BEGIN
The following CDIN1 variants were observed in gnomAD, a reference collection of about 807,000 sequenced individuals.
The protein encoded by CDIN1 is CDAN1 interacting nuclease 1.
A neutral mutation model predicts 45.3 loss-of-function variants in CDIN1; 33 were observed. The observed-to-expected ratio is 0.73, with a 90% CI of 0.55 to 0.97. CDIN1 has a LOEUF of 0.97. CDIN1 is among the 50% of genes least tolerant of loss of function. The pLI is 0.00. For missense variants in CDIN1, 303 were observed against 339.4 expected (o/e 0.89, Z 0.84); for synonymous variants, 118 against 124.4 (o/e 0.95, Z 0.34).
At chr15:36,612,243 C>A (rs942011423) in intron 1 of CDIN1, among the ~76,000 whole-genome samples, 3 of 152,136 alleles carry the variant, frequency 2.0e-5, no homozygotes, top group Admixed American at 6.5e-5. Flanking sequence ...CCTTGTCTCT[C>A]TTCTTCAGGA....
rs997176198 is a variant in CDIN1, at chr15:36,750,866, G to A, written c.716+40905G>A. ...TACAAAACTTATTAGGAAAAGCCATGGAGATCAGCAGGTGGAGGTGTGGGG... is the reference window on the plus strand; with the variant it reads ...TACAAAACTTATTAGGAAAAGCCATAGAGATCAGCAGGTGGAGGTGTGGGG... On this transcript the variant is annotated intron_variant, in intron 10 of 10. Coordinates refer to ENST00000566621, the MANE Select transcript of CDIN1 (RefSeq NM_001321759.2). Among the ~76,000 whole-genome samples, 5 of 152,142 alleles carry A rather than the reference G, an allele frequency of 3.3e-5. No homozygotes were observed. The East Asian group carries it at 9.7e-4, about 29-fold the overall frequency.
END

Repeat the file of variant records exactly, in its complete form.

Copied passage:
The following CDIN1 variants were observed in gnomAD, a reference collection of about 807,000 sequenced individuals.
The protein encoded by CDIN1 is CDAN1 interacting nuclease 1.
A neutral mutation model predicts 45.3 loss-of-function variants in CDIN1; 33 were observed. The observed-to-expected ratio is 0.73, with a 90% CI of 0.55 to 0.97. CDIN1 has a LOEUF of 0.97. CDIN1 is among the 50% of genes least tolerant of loss of function. The pLI is 0.00. For missense variants in CDIN1, 303 were observed against 339.4 expected (o/e 0.89, Z 0.84); for synonymous variants, 118 against 124.4 (o/e 0.95, Z 0.34).
At chr15:36,612,243 C>A (rs942011423) in intron 1 of CDIN1, among the ~76,000 whole-genome samples, 3 of 152,136 alleles carry the variant, frequency 2.0e-5, no homozygotes, top group Admixed American at 6.5e-5. Flanking sequence ...CCTTGTCTCT[C>A]TTCTTCAGGA....
rs997176198 is a variant in CDIN1, at chr15:36,750,866, G to A, written c.716+40905G>A. ...TACAAAACTTATTAGGAAAAGCCATGGAGATCAGCAGGTGGAGGTGTGGGG... is the reference window on the plus strand; with the variant it reads ...TACAAAACTTATTAGGAAAAGCCATAGAGATCAGCAGGTGGAGGTGTGGGG... On this transcript the variant is annotated intron_variant, in intron 10 of 10. Coordinates refer to ENST00000566621, the MANE Select transcript of CDIN1 (RefSeq NM_001321759.2). Among the ~76,000 whole-genome samples, 5 of 152,142 alleles carry A rather than the reference G, an allele frequency of 3.3e-5. No homozygotes were observed. The East Asian group carries it at 9.7e-4, about 29-fold the overall frequency.